What the move signals now is that Gibbons' role as head coach is officially on watch. Since being hired in May – usually considered high school basketball dead months – the former Morgan County coach has coasted through the summer with relative obscurity.
Byrd knew of Gibbons from afar but had no previous personal relationship with the coach. Gibbons' hire, though, stands as one of the more quietly significant moves in Newton County athletics.
For Bryd, his decision to leave Rome had nothing to do with anything his former school did wrong. Rather, it had everything to do with what he felt Newton could do right.
Gibbons also insists that it was nothing of his doing that wooed Byrd to Covington. The program's pedigree and history kind of does that on its own.
Playing at Newton offers the prolific scorer the chance to compete for a state championship at the highest level in Georgia and the ability to raise his already rising profile in one of the top high school basketball classifications (Class AAAAAAA) the nation. The appeal of playing at home for his senior season in front of his close family drove the decision.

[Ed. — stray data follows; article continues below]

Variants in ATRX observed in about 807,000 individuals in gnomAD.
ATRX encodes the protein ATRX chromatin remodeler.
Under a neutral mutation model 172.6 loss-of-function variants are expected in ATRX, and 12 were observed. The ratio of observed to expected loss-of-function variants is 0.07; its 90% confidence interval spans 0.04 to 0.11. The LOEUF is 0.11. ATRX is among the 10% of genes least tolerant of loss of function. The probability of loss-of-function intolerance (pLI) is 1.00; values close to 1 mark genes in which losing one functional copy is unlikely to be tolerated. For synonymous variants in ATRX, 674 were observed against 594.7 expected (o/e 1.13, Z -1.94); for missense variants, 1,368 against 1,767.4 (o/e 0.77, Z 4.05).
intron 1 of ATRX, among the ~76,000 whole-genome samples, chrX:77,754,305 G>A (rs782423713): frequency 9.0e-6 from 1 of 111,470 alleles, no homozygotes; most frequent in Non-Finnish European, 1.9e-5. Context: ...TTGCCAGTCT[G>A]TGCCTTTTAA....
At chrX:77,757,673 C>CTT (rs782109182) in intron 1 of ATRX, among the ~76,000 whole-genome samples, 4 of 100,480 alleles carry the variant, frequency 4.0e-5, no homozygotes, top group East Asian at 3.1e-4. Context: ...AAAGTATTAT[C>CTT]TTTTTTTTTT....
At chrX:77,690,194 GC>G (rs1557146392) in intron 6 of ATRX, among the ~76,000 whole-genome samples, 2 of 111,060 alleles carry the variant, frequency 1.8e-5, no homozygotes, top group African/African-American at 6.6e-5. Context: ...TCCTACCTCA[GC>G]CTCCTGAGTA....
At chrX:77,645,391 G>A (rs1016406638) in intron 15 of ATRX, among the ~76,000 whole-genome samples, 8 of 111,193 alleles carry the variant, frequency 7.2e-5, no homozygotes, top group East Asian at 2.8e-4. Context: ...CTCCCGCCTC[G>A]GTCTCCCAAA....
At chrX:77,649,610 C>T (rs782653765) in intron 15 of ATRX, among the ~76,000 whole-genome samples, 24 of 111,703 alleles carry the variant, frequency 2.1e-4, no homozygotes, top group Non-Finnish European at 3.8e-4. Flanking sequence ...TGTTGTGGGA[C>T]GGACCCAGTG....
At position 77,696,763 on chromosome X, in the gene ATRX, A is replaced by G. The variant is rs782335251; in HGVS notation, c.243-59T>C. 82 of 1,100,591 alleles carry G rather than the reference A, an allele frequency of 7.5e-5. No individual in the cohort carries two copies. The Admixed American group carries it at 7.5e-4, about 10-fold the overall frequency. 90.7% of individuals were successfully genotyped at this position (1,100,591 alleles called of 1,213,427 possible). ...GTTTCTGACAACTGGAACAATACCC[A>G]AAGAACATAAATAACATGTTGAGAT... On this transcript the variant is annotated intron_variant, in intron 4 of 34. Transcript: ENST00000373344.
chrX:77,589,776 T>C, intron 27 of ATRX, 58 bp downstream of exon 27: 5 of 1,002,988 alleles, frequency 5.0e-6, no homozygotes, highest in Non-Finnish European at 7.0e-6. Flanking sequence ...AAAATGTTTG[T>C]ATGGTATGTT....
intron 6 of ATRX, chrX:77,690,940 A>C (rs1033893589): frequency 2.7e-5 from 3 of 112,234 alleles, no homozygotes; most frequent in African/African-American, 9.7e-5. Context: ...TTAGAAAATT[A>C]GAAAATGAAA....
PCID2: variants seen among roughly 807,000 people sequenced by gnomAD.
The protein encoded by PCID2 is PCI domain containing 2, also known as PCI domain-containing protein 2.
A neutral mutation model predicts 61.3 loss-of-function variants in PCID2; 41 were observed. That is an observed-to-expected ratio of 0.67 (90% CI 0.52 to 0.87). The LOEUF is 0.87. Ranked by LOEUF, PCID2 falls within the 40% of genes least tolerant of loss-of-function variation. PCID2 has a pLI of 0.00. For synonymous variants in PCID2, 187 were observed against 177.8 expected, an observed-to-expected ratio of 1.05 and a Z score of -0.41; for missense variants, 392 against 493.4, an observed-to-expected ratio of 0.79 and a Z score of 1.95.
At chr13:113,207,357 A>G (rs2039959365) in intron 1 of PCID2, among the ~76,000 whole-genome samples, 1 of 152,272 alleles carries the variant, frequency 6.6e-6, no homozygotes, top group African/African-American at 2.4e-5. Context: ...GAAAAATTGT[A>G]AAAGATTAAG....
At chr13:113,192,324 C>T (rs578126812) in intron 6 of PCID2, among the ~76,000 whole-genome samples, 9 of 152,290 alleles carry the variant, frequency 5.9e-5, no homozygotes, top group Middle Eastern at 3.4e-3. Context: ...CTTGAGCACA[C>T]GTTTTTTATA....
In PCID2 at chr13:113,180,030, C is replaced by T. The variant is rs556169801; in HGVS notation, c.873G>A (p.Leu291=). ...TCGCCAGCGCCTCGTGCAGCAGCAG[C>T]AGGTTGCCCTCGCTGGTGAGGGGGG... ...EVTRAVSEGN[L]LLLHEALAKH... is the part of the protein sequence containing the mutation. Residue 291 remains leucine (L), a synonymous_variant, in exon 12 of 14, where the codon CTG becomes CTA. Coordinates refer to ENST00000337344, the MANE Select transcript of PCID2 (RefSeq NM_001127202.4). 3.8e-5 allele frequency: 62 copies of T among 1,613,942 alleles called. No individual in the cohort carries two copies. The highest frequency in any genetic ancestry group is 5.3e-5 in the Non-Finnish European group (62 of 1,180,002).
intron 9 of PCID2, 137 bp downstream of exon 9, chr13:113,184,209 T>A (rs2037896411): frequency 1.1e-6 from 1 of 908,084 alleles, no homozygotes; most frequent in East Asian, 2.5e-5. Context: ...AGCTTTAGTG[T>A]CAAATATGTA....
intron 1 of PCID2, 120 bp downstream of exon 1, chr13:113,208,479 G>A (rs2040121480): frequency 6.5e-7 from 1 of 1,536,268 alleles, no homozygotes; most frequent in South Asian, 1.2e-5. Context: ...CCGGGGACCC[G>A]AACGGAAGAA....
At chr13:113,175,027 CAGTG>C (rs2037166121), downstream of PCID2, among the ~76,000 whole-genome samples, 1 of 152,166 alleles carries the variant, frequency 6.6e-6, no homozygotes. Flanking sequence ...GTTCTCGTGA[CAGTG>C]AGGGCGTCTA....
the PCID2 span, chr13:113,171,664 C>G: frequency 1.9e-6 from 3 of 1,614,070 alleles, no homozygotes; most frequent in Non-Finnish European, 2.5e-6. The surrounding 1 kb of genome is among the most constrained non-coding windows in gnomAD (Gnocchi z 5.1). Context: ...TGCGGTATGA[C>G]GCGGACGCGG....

"[Byrd] coming to [Newton] gives him a chance to play against the top competition in the state, and really throughout the country, if you look at Georgia basketball with 7A,” Gibbons said. “I think that was the attraction of him wanting to come and finish his last year.”
Gibbons received high reviews in his May meeting with a select group of Rams players' parents after he laid out his vision for the team and program.
In the coming months and into the season, Gibbons said he will spend time working to “get everybody back on board and doing the same stuff.” Gibbons has D-1 college experience from four seasons coaching at Florida Atlantic University under former NBA player Michael Curry. He coached both girls and boys high school teams at Morgan. He lead the boys to Morgan’s first state championship in 2014 and coached the girl's team to deep playoff runs and a region championship in 2012 and 2013, respectively.